The proposed work will develop a non-invasive interface (MU Drive(c)) able to extract the incremental motor unit (MU) firings during voluntary muscle contractions, and use this information as control sources to drive upper-limb prostheses for amputees. Motor units provide high levels of incremental control for intact limbs and therefore have the potential of providing a more natural and seamless way of restoring motor function for amputees. The Phase I effort will provide the technical merit and feasibility of the proof-of-principle by demonstrating that increments of MU recruitment and de-recruitment from a single muscle can provide, in real-time, a proportional monotonically increasing and decreasing control signal that substantially improves upon present capabilities of non-invasive prosthetic control. Specifically, because the recruitment and de- recruitment of MUs is hierarchically and proportionally related to the force produced by the muscle, the MU Drive(c) control signal will be smoother and more stable when compared to a standard myoelectric control parameter. Accomplishing this proof-of-principle will require a substantial overhaul of existing technology for extracting MU firings from surface electromyographic (sEMG) signals recorded during voluntary contractions. More than 80,000 lines of code and 1,000 functions will need to be modified and tested with new signal processing components to replace the current post-processing functionality of the algorithm with real-time capability. The algorithms will be tested on sEMG data recorded during opening and closing contractions of the hand from at least 15 subjects with intact limbs. The stability and smoothness of the MU Drive(c) control signal will be compared to a contemporary sEMG amplitude-based measure of control from the same data set. Further experiments will establish the proof-of-principle in 15 subjects with trans-radia amputation, to mitigate the risk of possible difficulties in extracting usable MU data from damaged or surgically displaced muscles. Phase II will advance the single control source capability to richer MU Drive(c) control possibilities of multiple muscle sources to achieve real-time, 3 degrees-of-freedom, precision control of a prosthesis. At its core, the MU Drive(c) system will provide a richer control source than available from the filtered sEMG signal. The benefits of this principle will have far-reaching effects in the fields of prosthetics, robotics and rehabilitaion. Furthermore, on account of its inherent non-invasive design, the proposed technology will provide a lower-cost, risk averse alternative to implanted interfaces under development for prosthetic control. Rehabilitation specialists will be able to provide the necessary adjustments to ensure optimal performance of amputees' prostheses without the need for burdensome surgical interventions. Our economical prosthetic solution will ease financial stress on an already burdened health care system and provide immediate access for a greater number of amputees.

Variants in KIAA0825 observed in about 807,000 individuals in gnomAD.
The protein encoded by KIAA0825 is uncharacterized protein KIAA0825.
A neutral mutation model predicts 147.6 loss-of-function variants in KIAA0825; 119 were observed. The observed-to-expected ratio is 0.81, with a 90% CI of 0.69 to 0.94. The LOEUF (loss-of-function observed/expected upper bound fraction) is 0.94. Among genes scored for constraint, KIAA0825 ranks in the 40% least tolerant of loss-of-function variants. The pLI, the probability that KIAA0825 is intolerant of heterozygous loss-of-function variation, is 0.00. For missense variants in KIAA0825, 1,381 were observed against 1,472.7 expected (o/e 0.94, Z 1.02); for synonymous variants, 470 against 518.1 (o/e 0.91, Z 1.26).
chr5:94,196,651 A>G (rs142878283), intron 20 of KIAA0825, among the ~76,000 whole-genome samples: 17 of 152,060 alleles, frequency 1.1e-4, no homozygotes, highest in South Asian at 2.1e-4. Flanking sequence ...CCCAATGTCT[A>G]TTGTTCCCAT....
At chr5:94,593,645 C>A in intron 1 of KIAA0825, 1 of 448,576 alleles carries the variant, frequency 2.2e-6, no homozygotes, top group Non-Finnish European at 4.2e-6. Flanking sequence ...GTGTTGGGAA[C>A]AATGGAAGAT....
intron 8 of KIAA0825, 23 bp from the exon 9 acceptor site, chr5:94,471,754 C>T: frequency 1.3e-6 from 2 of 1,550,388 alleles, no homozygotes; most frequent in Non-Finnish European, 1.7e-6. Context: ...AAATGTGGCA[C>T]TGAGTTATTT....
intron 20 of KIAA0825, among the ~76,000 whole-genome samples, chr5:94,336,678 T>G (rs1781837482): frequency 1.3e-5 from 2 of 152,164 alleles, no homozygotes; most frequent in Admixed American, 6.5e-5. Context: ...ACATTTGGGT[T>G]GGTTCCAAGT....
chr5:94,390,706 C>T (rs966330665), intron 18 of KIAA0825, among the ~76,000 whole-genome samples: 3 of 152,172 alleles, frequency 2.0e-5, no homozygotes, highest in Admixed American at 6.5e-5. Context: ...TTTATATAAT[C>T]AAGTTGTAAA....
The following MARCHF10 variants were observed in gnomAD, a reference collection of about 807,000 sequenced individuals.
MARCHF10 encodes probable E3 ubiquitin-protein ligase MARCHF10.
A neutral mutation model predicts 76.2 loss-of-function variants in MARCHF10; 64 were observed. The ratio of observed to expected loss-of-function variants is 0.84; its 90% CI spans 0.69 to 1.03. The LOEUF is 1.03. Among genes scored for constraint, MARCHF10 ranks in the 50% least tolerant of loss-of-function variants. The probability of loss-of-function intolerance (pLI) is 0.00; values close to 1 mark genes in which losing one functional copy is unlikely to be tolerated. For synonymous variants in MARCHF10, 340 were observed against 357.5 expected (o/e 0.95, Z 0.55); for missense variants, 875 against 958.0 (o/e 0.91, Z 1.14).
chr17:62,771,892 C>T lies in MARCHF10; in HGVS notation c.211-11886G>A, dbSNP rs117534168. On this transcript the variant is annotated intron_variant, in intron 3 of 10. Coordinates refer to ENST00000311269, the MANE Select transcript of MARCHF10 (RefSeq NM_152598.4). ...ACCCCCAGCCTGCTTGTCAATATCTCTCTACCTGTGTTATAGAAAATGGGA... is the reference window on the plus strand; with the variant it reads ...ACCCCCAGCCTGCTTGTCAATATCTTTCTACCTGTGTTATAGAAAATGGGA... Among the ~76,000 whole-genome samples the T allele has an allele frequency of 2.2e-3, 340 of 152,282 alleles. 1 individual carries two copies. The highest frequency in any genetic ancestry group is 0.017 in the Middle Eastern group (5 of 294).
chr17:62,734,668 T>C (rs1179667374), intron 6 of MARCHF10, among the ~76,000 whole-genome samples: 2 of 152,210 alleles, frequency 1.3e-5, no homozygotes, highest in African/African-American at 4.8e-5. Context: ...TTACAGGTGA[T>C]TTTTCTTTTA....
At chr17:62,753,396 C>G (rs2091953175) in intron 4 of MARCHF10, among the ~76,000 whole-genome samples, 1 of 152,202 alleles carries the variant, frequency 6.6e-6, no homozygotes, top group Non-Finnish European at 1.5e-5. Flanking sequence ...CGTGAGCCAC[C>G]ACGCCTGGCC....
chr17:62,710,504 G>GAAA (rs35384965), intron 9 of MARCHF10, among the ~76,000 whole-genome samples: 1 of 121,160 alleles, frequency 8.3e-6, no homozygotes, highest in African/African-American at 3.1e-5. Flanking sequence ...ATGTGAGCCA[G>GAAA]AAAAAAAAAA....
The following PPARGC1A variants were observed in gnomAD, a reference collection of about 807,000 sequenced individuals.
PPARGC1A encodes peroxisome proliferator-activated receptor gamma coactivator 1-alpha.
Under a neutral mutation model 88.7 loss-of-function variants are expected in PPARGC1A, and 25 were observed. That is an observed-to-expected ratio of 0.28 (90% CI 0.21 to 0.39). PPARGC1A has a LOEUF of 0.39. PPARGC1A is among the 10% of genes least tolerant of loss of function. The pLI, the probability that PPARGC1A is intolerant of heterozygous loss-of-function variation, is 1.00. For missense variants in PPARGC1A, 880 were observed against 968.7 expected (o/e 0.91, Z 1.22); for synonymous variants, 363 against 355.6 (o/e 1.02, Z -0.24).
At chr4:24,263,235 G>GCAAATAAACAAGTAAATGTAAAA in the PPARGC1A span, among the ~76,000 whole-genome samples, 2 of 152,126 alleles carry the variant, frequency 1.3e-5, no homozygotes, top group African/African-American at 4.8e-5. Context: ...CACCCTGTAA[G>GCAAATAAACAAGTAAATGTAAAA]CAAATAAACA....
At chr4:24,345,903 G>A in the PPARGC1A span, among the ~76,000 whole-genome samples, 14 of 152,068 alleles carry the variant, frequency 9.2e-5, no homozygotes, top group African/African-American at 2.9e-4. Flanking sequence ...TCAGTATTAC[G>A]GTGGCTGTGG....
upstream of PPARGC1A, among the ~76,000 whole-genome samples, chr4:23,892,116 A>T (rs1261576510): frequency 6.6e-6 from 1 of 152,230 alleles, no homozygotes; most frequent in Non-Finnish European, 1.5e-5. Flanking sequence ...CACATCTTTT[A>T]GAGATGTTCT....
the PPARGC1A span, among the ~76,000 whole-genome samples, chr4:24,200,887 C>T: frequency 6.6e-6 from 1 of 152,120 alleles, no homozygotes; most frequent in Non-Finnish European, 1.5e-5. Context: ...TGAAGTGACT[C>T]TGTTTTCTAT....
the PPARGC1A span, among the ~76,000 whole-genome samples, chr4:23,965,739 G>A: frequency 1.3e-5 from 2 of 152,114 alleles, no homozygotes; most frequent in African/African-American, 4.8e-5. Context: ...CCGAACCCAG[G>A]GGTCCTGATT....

We propose a non-invasive prosthetic controller (MU Drive(c)) that will extract natural motor commands from human muscles and use the commands to drive upper-limb prostheses for amputees. The MU Drive(c) technology will improve upon current non-invasive control technologies and provide a lower-cost, risk-averse alternative to implantable technologies under development. The impact will enable a greater number of amputees to improve their quality of life with less overall burden to themselves and society.
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|Contessa, Paola; De Luca, Carlo J; Kline, Joshua C (2016) The compensatory interaction between motor unit firing behavior and muscle force during fatigue. J Neurophysiol 116:1579-1585|